Developer(s) – Nintendo EAD
Publisher(s) – Nintendo
Producer – Shigeru Miyamoto
Artist – Takaya Imamura
One of the two original launch titles for the Super Nintendo in Japan, F-Zero has proved to be one of the most influential titles on the system, being one of the first to incorporate Mode-7 graphics to allow for 3D rendering. Though Super Mario Kart would arrive a year later and eclipse the popularity of this game, it is not without it’s merits, and has remained a cult classic to many gamers.
Aside from the visuals being particularly advanced for the time, it also has a surprising amount of conceptual diversity, with each of the fifteen courses in the game containing their own colour schemes, scenery and style, and even soundtracks; some of which are extremely catchy. Debatably, it’s even a lot more diverse than Super Mario Kart was, but I disagree with this, since not only are there more characters to compete as, but like Super Mario Kart, there are also a lot recycled elements in each course despite standing out from one another. I Think both Shigeru Miyamoto and Takaya Imamura would really shine together creatively during their collaborative work on the Star Fox series.
Going beyond most conventional racing games of the time, the original F-Zero would become known for its surprising level of challenge and fast-paced racing. Like Super Mario Kart, there exist different tournaments for gamers to compete in, usually consisting of four tracks. There are no weapons to use whilst on the road, but nonetheless, the game still provides an extremely exhilarating experience unlike most others on the system.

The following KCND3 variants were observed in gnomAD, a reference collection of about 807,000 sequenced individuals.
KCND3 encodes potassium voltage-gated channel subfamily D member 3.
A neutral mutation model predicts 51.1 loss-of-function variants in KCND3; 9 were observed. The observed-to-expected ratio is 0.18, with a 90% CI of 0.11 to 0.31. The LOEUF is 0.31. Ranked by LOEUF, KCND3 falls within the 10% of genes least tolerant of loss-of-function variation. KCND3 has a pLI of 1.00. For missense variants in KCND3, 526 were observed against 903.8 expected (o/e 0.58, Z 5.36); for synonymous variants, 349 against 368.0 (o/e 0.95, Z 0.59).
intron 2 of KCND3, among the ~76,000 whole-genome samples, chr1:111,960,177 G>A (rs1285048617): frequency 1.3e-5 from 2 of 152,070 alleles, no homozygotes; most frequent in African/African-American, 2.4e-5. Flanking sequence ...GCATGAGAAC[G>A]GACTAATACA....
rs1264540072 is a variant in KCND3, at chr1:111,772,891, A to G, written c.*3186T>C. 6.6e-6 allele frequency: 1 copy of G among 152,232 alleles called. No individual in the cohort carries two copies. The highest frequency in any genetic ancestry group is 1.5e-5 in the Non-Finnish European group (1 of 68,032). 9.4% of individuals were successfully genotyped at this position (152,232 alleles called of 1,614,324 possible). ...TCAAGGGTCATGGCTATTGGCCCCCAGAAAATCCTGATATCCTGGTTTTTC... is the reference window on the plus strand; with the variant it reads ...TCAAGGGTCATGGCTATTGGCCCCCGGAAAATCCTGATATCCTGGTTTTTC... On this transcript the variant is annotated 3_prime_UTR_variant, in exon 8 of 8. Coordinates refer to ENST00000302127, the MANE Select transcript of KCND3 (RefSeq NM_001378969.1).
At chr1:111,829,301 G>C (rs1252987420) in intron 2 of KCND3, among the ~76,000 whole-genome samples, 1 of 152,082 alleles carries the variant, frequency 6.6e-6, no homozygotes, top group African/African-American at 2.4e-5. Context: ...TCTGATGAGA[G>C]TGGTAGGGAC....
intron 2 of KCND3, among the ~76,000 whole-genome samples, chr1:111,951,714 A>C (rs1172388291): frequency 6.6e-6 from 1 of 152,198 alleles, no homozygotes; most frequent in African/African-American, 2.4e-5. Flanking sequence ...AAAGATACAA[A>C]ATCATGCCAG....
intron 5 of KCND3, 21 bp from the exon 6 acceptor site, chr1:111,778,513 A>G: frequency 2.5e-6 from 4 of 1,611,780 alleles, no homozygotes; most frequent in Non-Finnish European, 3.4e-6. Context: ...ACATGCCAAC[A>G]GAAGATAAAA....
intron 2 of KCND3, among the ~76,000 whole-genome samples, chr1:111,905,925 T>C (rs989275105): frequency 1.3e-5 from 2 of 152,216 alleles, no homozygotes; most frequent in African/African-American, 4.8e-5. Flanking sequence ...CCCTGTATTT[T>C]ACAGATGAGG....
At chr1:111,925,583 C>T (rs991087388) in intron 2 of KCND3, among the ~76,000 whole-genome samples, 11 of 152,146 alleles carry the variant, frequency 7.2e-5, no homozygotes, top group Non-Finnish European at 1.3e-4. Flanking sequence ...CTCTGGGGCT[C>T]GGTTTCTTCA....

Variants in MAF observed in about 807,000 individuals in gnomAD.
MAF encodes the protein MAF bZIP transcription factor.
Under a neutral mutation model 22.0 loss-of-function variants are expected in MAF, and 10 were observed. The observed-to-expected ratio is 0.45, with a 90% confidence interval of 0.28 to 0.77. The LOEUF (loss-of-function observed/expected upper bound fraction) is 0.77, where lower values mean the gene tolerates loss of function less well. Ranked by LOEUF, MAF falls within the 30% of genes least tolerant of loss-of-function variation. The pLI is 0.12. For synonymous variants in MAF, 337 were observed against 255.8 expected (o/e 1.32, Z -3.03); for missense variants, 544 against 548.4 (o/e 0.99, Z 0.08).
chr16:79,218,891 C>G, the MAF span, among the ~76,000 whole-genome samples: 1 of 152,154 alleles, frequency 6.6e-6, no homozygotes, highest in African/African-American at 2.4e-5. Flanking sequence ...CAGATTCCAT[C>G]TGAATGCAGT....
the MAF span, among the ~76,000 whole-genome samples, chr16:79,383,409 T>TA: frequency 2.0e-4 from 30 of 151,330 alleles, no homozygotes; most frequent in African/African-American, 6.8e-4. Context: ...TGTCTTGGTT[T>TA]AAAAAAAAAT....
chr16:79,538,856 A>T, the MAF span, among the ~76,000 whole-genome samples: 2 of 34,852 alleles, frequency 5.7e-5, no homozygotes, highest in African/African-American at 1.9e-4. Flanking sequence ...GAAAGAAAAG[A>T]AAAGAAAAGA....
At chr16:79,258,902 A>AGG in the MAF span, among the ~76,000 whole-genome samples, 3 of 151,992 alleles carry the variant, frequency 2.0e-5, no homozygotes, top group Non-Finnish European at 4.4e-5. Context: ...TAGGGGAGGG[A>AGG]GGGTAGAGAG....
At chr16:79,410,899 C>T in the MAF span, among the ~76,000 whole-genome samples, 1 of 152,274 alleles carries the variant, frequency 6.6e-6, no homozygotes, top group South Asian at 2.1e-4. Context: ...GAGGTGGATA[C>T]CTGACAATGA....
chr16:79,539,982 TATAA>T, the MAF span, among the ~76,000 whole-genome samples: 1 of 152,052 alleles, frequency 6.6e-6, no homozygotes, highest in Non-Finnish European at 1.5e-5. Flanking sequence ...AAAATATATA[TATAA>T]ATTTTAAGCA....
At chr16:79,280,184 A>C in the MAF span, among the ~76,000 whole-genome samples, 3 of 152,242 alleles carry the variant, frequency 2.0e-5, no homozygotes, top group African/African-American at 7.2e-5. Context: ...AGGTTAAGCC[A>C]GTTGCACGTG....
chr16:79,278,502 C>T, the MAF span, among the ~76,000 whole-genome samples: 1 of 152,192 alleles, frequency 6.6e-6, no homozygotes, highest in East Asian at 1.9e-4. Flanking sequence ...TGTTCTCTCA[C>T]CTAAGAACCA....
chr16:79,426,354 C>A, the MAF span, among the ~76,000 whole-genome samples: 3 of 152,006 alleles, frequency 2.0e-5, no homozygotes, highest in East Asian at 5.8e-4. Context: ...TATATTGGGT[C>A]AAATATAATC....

For one of the first games to use the graphic-rendering techniques it did, it’s actually quite impressive how the control scheme was handled, and would become a massive influence on future franchises, such as Wipeout. The L and R triggers could be used to strafe from side to side rather than simply having the players use the d-pad to turn and skid in different directions. This, in turn, allowed for the creation of some of the many different basic structures of certain tracks, such as Mute City II.
Racing game had already been established as a prominent genre at this point, and it was only natural that Nintendo wanted to capitalize on this ever-evolving style of play, but what has made Nintendo’s approach to this so special is that they’ve never shied away from trying new concepts and ideas. It’s been seen in all of the Mario Kart games since, but it was first seen in F-Zero. This wasn’t the first game to play out the way it does, as Pole Position came many years before it, but it did it at a much faster and challenging pace.
Overall, F-Zero to this day remains a must-have for anyone with either the original console or access to the Virtual Console. It went on to have a huge impact on many future racing games and spawn two sequels, and whist in more recent years has merely made appearances in other Nintendo series’ (the most recent of which being Mario Kart 8), the original game has earned its rightfully place in the industry’s history.